By U.S. ArmyMay 31, 2019
Developed by the Soviet Union in the 1960s, this self-propelled system is named for its four AZP-23 cannon and nicknamed the Shiika. The Model 1977 is the ninth and final version of this system. Designed so that one, two or four cannons could be fired, this system provided low-level cover for armored and mechanized divisions. The Shiika displayed at Memorial Field saw service with the Iraqi Army during Operation Desert Storm, and was found abandoned west of Kuwait City.
The Russian SP-Quad
Designed to replace the faltering ZSU-57-2, the 23-4 was designed to cater to a growing list of demands for a rapid-fire, self-propelled, high-capacity, anti-aircraft gun. The Shiika (also known as Zeus) was designed with multiple configurations. This included a single, double, and quad barrel design. The one displayed at Memorial Field is a quad barrel design and uses 23MM guns, hence the 23-4 model designation.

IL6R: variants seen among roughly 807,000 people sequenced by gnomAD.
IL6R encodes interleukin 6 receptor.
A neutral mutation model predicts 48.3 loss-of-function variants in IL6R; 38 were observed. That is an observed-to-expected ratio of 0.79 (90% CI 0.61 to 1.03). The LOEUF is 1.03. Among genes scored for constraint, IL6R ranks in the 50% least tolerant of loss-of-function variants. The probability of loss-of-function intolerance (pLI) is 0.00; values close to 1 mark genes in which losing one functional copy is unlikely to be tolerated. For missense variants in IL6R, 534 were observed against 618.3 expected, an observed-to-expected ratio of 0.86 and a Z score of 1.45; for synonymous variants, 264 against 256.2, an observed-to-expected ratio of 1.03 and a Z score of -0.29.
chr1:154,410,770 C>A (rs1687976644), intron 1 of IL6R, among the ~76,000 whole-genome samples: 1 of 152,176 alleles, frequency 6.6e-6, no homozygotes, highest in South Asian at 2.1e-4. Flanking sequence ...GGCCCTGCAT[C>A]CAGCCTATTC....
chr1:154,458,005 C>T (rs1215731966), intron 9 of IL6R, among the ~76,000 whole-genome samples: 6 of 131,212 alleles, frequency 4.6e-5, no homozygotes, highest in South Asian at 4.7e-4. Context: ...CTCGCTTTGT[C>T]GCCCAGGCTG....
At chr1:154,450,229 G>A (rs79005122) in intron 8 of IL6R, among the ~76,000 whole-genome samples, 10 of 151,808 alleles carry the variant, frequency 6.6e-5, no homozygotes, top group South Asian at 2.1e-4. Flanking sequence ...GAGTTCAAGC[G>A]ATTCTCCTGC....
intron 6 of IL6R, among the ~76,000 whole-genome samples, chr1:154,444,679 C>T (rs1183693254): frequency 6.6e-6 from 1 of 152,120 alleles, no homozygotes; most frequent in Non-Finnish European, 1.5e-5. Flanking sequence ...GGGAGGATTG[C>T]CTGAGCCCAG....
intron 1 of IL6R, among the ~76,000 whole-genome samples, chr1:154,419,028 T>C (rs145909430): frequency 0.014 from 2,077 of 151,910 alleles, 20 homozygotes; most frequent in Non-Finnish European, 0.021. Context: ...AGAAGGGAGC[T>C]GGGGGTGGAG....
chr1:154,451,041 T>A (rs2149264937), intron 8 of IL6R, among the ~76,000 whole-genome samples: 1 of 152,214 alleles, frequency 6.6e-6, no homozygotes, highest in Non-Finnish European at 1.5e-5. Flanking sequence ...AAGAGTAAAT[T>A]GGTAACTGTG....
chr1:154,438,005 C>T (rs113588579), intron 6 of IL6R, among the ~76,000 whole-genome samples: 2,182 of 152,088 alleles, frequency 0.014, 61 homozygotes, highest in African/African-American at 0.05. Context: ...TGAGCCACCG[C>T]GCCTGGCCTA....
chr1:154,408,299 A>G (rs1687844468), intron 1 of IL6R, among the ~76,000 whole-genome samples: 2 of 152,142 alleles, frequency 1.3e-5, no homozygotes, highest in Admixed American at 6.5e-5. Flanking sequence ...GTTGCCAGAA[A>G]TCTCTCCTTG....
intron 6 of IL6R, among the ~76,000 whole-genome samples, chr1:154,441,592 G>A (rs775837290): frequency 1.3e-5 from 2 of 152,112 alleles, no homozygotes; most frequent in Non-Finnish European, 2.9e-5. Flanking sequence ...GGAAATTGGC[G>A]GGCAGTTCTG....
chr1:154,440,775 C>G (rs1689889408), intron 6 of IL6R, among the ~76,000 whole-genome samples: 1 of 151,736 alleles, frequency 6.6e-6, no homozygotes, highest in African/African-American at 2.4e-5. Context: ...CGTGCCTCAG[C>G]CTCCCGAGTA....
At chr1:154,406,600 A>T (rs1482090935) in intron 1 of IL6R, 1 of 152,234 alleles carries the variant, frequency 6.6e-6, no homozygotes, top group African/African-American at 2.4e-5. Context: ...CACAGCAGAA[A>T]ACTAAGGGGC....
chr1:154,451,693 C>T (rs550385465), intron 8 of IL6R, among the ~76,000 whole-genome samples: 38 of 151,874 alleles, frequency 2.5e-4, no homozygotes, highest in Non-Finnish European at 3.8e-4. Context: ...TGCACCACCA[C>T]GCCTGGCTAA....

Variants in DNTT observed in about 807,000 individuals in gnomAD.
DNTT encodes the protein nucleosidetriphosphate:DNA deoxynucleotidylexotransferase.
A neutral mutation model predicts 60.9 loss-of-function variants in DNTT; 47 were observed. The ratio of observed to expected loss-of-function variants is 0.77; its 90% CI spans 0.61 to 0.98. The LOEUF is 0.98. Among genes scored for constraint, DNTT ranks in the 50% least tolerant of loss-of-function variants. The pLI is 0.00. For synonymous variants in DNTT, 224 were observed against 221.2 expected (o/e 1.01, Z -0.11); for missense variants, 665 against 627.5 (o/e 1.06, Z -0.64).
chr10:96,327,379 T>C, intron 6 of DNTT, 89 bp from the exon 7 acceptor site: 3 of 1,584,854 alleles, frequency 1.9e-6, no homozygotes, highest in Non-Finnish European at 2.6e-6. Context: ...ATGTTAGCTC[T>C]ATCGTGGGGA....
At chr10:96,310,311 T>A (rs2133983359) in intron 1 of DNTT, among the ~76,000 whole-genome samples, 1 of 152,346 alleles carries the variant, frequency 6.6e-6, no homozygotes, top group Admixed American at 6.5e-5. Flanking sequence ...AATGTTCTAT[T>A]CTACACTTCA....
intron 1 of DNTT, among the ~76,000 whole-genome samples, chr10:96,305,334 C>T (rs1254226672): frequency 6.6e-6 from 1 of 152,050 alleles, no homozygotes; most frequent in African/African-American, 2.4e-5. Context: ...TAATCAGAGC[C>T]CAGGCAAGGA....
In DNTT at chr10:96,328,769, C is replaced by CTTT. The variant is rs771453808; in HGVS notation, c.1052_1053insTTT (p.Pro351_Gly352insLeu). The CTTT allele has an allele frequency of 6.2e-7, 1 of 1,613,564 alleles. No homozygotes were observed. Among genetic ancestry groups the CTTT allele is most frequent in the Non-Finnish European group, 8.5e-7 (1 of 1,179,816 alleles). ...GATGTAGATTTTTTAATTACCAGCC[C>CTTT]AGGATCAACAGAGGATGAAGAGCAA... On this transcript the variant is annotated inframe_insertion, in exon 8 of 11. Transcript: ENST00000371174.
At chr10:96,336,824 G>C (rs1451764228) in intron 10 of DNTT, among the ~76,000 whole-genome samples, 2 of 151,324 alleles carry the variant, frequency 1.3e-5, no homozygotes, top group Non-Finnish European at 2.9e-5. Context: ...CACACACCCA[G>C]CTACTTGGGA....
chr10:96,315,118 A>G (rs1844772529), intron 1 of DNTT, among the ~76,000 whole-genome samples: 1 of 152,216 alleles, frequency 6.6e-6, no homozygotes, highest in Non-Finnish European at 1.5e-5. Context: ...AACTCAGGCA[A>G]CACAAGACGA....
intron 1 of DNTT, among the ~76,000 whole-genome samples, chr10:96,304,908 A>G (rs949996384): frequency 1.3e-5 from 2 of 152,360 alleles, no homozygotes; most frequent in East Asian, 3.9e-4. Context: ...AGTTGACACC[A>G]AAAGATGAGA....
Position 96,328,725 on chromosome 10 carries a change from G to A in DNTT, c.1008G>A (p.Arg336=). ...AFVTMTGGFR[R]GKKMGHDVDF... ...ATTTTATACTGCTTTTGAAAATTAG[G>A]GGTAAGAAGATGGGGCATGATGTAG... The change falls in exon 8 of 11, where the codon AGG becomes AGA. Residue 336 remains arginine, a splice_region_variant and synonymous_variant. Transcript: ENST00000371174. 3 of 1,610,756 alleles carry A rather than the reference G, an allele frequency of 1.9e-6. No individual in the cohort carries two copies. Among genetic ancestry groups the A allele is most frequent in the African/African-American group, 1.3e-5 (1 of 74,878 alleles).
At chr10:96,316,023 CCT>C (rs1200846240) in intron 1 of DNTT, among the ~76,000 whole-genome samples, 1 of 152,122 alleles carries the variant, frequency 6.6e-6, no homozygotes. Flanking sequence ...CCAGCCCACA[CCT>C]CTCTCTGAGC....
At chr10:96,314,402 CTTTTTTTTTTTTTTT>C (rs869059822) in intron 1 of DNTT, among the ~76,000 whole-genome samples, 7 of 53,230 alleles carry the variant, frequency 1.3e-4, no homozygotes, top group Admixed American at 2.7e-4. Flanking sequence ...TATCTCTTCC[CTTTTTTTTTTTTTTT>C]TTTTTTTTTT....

Fitted with a built-in radar system, the Shiika was the natural replacement for aging Soviet technology that relied on visual confirmation of an enemy before firing. The first ZSU-23 was introduced in the mid-1960s, and gradually replaced the larger ZSU-57-2. Replacement was completed sometime in the 1970s. About 4,000 ZSU-23-4's were delivered to Soviet forces, while most of the 2,500 others built were deployed to other operators within the Warsaw Pact.
Despite its aging design, the Shiika continues to serve in many nations across Eastern Europe, the Middle East, and North Africa. The most recent conflicts it has been used in include civil wars in Libya and Syria, and fighting in eastern Ukraine. ZSU-23-4s remain in service in Russia, Iran, Iraq, and Syria, with some obtained by the Islamic State group. Other ZSU-23-4s were captured during deployments with other opponents. Of these captured, about 60 were obtained by Israel, with another 20 or more captured by the United States. While some of these captured weapons are used occasionally for testing and training purposes, most are now on static display across the U.S.